Conflicting results are reported regarding the applications of nanoparticles or antimicrobials for the treatment of DS. Bajunaid [70] recommended the use of various antimicrobial and protein-repellent agents to prevent Candida albicans from adhering to acrylic dentures. However, the addition of these antimicrobials can compromise the mechanical properties of acrylic commensurate with the concentration of antimicrobials. On the contrary, An et al. [70], in their systematic review, reported that there was insufficient evidence to support the effectiveness of adding antimicrobial agents to acrylic. Similar findings are reported by other studies [71].
Photodynamic therapy
Photodynamic therapy (PDT), also termed photodynamic antimicrobial chemotherapy, photo radiation therapy, and photo chemotherapy, has recently gained popularity as a potential antifungal treatment modality [72]. The most popular photosensitizers used in dentistry are methylene blue, toluidine blue ortho, and indocyanine green.
A review of recent publications has shown that PDT was just as effective as conventional antifungal medications, particularly nystatin, in the clinical remission of DS and considerably reducing the colony-forming units (CFU/mL) of Candida species from dentures [18,35,39,42,43]. However, the recurrence of DS following PDT has also been reported [18]. Since PDT is recommended as an alternative to conventional antifungal medication, more rigorous research with longer follow-up is required before their inclusion in clinical practice. One study by Yousef et al. [73] recommends PDT combined with low-level laser therapy and miconazole gel for the efficient treatment of Candida-induced DS, with a higher cure rate and lower recurrence.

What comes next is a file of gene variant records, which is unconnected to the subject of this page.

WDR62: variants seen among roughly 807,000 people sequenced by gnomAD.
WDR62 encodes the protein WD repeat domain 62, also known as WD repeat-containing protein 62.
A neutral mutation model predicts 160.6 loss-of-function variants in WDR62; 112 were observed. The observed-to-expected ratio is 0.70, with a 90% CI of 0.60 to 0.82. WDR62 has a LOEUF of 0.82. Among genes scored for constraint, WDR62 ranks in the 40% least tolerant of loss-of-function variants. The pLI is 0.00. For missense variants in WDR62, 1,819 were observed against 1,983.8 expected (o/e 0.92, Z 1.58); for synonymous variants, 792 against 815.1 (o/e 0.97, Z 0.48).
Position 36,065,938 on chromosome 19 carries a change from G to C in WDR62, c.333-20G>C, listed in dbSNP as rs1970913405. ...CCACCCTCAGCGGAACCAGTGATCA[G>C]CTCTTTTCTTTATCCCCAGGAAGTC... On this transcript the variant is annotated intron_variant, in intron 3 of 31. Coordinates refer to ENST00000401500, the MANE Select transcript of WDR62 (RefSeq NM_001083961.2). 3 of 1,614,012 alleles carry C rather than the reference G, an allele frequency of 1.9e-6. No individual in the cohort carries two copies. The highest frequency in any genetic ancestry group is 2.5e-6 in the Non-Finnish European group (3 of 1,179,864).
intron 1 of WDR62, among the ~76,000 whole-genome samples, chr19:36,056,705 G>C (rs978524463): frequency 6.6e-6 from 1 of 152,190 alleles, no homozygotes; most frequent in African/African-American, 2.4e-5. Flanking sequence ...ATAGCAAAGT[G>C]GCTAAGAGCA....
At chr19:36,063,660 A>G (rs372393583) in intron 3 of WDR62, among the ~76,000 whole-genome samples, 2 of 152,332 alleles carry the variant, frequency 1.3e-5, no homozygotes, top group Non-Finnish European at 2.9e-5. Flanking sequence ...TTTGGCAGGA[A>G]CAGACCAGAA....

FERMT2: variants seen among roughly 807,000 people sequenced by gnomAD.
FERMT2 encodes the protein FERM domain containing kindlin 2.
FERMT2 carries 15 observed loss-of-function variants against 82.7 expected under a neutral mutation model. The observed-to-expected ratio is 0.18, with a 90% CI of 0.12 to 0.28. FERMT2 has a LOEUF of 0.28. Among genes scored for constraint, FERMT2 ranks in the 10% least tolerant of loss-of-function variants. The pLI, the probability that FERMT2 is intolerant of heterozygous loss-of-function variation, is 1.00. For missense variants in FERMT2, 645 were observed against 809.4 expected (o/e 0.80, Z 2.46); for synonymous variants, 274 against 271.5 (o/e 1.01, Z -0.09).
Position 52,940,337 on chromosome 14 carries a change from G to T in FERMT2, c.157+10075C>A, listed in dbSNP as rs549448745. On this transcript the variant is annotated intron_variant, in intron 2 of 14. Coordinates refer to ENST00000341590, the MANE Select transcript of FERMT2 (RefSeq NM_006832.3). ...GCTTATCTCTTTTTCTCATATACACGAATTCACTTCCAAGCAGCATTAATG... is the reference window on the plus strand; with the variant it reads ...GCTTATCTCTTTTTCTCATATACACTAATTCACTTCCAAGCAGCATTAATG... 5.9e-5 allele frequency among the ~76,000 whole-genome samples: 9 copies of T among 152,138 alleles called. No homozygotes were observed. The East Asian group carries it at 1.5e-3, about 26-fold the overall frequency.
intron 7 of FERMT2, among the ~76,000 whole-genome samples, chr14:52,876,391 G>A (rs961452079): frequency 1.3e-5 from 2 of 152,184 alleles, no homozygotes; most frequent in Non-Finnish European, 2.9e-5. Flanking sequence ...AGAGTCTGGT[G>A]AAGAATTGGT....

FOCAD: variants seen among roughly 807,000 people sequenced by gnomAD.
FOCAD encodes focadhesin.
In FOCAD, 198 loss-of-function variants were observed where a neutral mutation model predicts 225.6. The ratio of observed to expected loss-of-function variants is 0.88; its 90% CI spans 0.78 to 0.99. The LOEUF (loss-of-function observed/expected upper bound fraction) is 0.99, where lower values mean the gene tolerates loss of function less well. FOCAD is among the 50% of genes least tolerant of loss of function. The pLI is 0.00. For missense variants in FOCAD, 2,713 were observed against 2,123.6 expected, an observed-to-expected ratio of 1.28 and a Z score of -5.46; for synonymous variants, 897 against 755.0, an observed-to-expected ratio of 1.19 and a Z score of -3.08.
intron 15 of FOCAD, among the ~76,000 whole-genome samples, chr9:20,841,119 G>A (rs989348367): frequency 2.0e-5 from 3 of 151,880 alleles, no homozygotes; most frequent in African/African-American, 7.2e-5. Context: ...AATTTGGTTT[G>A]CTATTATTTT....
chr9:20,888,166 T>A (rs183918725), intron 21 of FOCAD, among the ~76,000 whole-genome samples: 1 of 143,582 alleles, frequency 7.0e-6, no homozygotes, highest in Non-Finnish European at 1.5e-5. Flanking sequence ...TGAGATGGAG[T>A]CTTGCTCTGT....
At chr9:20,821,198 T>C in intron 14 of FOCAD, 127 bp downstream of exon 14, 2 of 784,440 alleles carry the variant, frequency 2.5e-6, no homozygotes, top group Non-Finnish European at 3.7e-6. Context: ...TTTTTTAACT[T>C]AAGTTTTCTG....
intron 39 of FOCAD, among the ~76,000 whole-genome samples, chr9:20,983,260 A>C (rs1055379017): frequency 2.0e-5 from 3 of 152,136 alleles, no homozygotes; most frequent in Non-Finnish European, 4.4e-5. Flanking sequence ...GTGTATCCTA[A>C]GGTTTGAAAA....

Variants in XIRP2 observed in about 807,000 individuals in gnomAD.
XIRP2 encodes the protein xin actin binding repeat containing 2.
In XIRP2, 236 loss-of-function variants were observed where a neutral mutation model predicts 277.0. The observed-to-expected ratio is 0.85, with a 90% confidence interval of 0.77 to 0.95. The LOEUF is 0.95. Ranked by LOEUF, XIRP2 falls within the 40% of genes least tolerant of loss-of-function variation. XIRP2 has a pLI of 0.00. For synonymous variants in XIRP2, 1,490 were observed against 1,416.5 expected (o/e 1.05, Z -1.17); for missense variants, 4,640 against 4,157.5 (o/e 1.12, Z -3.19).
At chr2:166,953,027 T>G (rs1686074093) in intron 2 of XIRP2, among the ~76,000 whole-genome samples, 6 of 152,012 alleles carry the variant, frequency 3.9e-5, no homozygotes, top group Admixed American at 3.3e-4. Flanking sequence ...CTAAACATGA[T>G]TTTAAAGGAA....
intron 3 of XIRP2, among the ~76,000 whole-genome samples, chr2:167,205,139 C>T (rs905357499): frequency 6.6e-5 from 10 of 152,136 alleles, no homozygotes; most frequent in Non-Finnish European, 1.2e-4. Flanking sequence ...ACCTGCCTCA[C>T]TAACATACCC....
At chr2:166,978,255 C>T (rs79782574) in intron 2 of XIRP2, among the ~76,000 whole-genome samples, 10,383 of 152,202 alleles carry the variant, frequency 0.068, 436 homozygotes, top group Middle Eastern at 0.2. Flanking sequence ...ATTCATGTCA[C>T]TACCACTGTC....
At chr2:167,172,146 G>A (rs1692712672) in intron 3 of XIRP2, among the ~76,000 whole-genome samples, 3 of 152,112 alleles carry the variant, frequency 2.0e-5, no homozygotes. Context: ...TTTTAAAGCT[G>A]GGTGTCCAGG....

Phytomedicine, which has existed since the dawn of human civilization, can be defined as herbal or natural products with therapeutic and medicinal values [74]. Natural products are said to be effective in treating DS because they have improved the clinical and microbiological aspects of the condition [45].
Natural products such as curcumin, propolis, green tea, clove and cinnamon oils, chitosan, garlic, ginger, Zataria multiflora, Artemisia, Schinus terebinthifolius raddi, Uncaria tomentosa, Pelargonium graveolens, Equisetum giganteum, Melaleuca alternifolia, Punica granatum, Ricinus communis, henna, thymoquinone, and aloe-vera have been used in the treatment of DS (Silveira et al., 2021). These products can be applied topically or as loaded emulgels. Previous studies have suggested that the incorporation of natural products into the acrylic resin denture base material might be effective in preventing Candida albicans adhesion. Compared to traditional antifungals, these products have a better taste, comparable efficacy, fewer side effects, and higher patient satisfaction [45,65,74]
Several natural products have been studied for the treatment of DS. Despite the encouraging results reported in the literature when using natural products, more clinical research is needed to furnish appropriate scientific evidence to support the use of natural products for DS management [45].

5. Conclusions

DS represents the most common inflammatory reaction in denture wearers. Although DS has a multifactorial etiology, infection with oral Candida albicans is the most recognized etiological agent. Observing oral and denture hygiene regimens, adjusting or re-fabricating poorly adapting dentures, smoking cessation, avoiding nocturnal denture wear, and the administration of topical or systemic antifungal drugs are recommended for effective healing of the inflammatory lesions of DS. Alternate treatments, such as microwave disinfection, phytomedicine, photodynamic therapy, and the incorporation of antifungals and nanoparticles into denture resins are widely reported in the literature but further evidence is required before such alternate treatment options can be recommended routinely.